Food & Travel

In Lenox, Chocolate Springs is a sweet oasis

Above: Chocolatier Joshua Needleman fills a box with bonbons. Below: Chocolate mendiant at Chocolate Springs Café. Above: Chocolatier Joshua Needleman fills a box with bonbons. Below: Chocolate mendiant at Chocolate Springs Café. (Photos by Michele McDonald/Globe Staff)
By Judith Monachina
Globe Correspondent / February 11, 2009

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LENOX - In Joshua Needleman's Chocolate Springs Cafe here, glass cases are filled with artisan chocolates named Sweet Fire, Venus Rum, and Raspberry Love. Some, like Paris Tea, are colorfully decorated. If you sit down in the 30-seat cafe and order a cup of hot chocolate, it arrives topped with freshly whipped cream, in a stoneware mug set on a small Japanese lacquer tray.

"I wanted to make great chocolate where you would come and meet great people," says Needleman, 36, who spent three years working in New York's famed La Maison du Chocolat. He also wanted to create an oasis. Maize and burgundy walls are dressed with luminous landscapes. The room has a piano (guests occasionally play; on Saturday afternoons, a regular performer mixes jazz, classical, and new compositions). Above the piano, a painting shows clouds turning to shells, forming a graceful arc, and falling into the sea.

There are Asian accents all over the shop and in the confections. Handcrafted dark and milk chocolates, truffles, mousses, and pastries are the specialties. Needleman makes his own ice cream. Almost everything at Chocolate Springs is either entirely chocolate or has a serious chocolate element, though a few treats - scones and biscotti, for instance - go well with hot chocolate or espresso. Unique items are the chocolates with infusions. Chai This, for example, combines chai, ginger, cardamom, cloves, and cinnamon mixed in a dark ganache, covered with dark chocolate. Green Tea Bonsai is a Japanese matcha tea infusion coated in dark chocolate and stenciled with colorful bonsai trees.

In fact, Chocolate Springs Cafe may be more New Age than Berkshire Gilded Age. In his hometown of Lebanon Springs, N.Y., a few miles away, Needleman was raised near mineral springs. The health benefits of chocolate reminded him of those associated with thermal springs, thought to heal everything from circulation to digestion. So he used the word springs in his cafe name. In his hometown, Shuji's Japanese restaurant was a favorite Needleman family spot. At 16, he worked there as a dishwasher, and then moved to making appetizers, tempura, and teriyaki. Shuji's set him on his culinary course, and taught him his aesthetics. "It was my second education," he says.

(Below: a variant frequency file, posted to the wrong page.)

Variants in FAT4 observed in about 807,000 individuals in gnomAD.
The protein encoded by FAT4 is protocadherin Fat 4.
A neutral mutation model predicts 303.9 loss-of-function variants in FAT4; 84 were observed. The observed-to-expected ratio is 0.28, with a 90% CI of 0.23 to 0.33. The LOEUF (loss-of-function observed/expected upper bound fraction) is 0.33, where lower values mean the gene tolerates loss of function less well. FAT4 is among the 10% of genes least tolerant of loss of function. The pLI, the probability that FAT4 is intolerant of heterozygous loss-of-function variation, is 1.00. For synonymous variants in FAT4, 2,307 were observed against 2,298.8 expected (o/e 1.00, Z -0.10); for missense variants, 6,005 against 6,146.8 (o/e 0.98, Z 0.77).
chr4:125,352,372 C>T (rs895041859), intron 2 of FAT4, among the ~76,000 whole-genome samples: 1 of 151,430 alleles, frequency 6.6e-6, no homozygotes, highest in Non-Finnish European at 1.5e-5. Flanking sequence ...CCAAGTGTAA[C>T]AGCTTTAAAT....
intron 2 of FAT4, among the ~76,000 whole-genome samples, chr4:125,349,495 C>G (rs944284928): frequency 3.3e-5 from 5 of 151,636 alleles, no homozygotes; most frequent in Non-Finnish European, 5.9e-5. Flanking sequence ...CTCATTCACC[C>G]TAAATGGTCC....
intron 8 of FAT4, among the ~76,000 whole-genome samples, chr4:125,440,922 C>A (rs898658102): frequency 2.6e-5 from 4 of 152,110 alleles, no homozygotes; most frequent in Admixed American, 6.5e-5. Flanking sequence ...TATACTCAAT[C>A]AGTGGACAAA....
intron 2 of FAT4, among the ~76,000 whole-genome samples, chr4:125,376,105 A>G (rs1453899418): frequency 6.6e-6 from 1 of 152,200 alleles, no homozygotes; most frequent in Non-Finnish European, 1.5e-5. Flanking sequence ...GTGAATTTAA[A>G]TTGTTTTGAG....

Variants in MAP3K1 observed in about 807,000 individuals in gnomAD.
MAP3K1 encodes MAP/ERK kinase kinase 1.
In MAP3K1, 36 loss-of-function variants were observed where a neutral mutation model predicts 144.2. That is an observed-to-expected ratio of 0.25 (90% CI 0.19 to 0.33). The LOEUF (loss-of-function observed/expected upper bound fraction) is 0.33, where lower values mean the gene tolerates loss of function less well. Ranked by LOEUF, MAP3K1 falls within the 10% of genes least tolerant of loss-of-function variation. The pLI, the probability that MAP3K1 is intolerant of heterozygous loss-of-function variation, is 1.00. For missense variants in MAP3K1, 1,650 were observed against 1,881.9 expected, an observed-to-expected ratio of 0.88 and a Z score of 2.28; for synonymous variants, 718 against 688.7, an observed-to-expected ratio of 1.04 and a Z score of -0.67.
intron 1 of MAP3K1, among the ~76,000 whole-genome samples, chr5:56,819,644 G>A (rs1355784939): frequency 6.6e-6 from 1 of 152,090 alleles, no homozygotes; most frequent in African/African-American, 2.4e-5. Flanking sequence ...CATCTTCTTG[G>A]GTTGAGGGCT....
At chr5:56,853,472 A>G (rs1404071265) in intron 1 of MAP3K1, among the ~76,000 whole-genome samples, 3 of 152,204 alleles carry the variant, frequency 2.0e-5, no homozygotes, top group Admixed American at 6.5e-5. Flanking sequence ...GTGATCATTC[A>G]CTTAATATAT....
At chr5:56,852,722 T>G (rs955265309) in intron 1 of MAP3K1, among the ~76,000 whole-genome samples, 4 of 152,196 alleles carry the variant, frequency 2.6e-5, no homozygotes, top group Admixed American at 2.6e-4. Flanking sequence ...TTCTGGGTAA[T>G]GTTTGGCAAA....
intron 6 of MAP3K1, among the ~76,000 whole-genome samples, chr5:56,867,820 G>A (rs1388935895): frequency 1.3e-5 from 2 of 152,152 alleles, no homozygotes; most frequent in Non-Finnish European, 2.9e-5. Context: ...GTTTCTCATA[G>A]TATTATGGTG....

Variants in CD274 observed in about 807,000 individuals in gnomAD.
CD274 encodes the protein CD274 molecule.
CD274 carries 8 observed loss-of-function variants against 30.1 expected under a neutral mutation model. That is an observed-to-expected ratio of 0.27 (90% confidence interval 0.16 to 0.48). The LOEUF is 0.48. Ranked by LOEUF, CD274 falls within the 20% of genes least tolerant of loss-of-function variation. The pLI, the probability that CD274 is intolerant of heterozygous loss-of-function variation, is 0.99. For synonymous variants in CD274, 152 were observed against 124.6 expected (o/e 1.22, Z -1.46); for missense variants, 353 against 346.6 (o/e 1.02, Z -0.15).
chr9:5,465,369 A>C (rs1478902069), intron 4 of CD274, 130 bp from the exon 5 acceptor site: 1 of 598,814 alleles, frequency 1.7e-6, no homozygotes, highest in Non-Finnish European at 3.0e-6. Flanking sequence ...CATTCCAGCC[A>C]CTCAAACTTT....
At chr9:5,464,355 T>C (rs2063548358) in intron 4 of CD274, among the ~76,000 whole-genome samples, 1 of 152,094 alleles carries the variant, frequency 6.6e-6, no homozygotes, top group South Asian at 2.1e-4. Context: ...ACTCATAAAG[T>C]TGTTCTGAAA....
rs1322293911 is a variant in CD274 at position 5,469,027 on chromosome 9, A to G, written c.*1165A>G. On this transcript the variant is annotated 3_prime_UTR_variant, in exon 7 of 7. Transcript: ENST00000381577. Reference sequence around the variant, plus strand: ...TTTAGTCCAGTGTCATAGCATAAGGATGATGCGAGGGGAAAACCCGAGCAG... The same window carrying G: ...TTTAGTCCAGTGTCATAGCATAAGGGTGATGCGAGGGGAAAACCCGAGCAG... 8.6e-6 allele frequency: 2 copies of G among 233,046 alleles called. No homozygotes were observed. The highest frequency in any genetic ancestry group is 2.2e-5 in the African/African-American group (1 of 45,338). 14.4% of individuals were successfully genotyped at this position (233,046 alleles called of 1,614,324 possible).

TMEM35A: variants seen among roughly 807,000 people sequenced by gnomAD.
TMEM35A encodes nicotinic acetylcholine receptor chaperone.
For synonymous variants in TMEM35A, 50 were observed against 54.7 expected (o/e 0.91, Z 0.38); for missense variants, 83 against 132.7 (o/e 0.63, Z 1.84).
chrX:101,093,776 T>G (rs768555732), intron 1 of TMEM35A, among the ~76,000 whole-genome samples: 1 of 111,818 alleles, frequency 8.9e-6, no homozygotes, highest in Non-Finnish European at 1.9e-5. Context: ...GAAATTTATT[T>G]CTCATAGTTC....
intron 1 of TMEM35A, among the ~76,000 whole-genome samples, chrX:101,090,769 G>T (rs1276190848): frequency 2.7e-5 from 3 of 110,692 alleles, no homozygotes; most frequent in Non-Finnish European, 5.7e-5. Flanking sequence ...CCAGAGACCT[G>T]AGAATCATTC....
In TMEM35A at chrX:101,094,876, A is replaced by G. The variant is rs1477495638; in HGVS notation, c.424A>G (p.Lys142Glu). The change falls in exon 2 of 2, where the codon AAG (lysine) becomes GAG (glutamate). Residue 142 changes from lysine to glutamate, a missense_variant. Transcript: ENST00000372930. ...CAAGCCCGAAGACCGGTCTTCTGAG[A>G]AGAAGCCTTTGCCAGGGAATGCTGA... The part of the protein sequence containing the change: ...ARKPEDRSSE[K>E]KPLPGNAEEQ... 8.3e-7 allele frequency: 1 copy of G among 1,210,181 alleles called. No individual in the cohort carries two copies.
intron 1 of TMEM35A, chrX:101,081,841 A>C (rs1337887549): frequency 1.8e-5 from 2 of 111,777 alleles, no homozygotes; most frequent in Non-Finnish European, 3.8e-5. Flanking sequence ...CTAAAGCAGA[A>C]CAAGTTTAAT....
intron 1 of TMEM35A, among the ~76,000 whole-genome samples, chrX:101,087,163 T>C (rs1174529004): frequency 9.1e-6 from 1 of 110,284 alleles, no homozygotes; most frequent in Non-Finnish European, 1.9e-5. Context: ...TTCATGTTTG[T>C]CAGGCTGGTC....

He received a third education at the Culinary Institute of America, and afterward made pastries and desserts at Wheatleigh and Cranwell, both Lenox Gilded Age cottages. Later in Paris, he worked in a pastry shop and at a restaurant. "I liked the precision of chocolate," he says.

Needleman was living in New York on 9/11. "I decided life is too short," he says. His goal: "Do what you want to do."

He opened his shop in 2003. At Chocolate Springs Cafe, he can make fancy chocolates, but also dabble in chili chocolate, and dip Swedish fish in chocolate. A chocolate model for a new World Trade Center sits atop a high shelf. His chocolates appear at special events, like Shakespeare & Company's chocolate-and-champagne "Love Lounge" taking place after Saturday's performance of "Bad Dates." Needleman has co-presented lectures with a Williams College chemistry professor about the properties and benefits of chocolate. In 2006, Saveur magazine called Needleman one of the 10 best chocolate makers in the country.

Since the cafe has played host to many first dates, for Valentine's Day, Needleman has created rose tea bonbons with romantically evocative swirls and pink hearts on dark chocolate.

But the chocolate maker thinks that no one needs a date to enjoy chocolate. It gives that much pleasure.

Chocolate Springs Cafe, 55 Pittsfield Lenox Road (Route 7), 413-637-9820, Chocolates are available at Formaggio Kitchen, 244 Huron Ave., Cambridge, 617-354-4750.